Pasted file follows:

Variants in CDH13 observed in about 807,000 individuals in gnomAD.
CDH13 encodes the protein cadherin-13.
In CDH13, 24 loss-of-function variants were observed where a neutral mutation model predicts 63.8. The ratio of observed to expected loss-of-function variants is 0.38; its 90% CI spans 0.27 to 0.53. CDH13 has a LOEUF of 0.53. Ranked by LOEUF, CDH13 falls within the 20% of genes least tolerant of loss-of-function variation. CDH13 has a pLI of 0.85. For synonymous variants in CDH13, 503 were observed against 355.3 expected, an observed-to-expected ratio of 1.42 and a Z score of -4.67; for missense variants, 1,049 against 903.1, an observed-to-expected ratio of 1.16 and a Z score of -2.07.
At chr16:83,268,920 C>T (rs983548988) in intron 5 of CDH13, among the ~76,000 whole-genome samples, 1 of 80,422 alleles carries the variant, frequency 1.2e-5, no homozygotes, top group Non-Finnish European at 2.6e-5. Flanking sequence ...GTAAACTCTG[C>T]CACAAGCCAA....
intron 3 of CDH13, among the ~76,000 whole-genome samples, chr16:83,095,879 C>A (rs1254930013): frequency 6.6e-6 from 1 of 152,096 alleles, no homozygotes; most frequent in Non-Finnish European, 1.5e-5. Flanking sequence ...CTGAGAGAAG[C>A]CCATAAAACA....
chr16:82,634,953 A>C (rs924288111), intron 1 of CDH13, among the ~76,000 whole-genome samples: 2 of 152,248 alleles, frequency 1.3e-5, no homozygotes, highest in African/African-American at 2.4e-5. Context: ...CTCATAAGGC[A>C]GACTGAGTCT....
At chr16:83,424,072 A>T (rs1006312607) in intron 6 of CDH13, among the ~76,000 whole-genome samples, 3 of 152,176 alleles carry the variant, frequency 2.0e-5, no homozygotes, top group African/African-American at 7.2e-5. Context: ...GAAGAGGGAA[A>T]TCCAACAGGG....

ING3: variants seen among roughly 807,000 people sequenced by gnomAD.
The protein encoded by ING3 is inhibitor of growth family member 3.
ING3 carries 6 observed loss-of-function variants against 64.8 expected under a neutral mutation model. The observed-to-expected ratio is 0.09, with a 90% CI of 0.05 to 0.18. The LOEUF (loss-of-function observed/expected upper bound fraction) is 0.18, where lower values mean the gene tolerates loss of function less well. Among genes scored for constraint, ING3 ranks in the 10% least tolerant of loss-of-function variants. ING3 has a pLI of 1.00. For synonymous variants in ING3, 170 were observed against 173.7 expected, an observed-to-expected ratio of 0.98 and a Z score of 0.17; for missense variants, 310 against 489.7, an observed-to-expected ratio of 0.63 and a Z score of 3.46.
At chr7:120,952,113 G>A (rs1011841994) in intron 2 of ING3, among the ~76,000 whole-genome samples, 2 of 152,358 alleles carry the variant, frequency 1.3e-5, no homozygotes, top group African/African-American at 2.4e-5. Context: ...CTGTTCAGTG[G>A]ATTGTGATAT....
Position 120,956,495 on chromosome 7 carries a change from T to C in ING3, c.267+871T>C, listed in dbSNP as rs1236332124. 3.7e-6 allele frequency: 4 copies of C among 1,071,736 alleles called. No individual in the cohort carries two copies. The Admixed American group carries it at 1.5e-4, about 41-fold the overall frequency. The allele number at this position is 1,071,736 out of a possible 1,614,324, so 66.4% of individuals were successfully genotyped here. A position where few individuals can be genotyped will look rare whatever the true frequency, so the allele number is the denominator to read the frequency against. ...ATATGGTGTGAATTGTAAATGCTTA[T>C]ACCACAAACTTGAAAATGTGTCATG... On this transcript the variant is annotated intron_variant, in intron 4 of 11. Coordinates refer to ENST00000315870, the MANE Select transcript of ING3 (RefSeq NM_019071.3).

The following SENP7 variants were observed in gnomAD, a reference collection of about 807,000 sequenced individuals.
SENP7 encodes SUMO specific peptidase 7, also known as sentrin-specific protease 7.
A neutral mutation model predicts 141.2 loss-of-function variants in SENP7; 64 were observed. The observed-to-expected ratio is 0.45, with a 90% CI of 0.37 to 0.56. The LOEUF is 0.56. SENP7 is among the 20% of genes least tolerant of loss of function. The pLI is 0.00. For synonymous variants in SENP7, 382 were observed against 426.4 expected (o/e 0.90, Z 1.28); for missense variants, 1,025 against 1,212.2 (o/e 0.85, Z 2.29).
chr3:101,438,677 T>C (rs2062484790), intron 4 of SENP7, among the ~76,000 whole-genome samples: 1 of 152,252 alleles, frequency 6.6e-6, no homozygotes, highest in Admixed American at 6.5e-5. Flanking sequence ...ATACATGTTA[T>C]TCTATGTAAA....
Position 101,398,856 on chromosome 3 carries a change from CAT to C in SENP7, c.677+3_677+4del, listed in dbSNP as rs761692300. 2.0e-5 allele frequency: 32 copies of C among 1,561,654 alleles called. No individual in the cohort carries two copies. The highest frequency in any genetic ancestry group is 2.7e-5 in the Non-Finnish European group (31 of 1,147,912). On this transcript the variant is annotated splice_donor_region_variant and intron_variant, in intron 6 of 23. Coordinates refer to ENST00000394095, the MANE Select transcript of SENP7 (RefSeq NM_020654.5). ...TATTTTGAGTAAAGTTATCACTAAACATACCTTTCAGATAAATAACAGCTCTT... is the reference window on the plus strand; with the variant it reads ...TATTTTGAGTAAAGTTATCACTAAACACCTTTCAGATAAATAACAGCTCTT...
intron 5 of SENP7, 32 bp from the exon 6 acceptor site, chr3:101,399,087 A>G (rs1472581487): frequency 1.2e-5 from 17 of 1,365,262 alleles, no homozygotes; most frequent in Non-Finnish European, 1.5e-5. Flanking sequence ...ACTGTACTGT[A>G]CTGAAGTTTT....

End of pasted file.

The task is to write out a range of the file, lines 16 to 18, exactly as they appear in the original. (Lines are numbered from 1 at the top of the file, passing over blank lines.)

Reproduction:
chr3:101,438,677 T>C (rs2062484790), intron 4 of SENP7, among the ~76,000 whole-genome samples: 1 of 152,252 alleles, frequency 6.6e-6, no homozygotes, highest in Admixed American at 6.5e-5. Flanking sequence ...ATACATGTTA[T>C]TCTATGTAAA....
Position 101,398,856 on chromosome 3 carries a change from CAT to C in SENP7, c.677+3_677+4del, listed in dbSNP as rs761692300. 2.0e-5 allele frequency: 32 copies of C among 1,561,654 alleles called. No individual in the cohort carries two copies. The highest frequency in any genetic ancestry group is 2.7e-5 in the Non-Finnish European group (31 of 1,147,912). On this transcript the variant is annotated splice_donor_region_variant and intron_variant, in intron 6 of 23. Coordinates refer to ENST00000394095, the MANE Select transcript of SENP7 (RefSeq NM_020654.5). ...TATTTTGAGTAAAGTTATCACTAAACATACCTTTCAGATAAATAACAGCTCTT... is the reference window on the plus strand; with the variant it reads ...TATTTTGAGTAAAGTTATCACTAAACACCTTTCAGATAAATAACAGCTCTT...
intron 5 of SENP7, 32 bp from the exon 6 acceptor site, chr3:101,399,087 A>G (rs1472581487): frequency 1.2e-5 from 17 of 1,365,262 alleles, no homozygotes; most frequent in Non-Finnish European, 1.5e-5. Flanking sequence ...ACTGTACTGT[A>G]CTGAAGTTTT....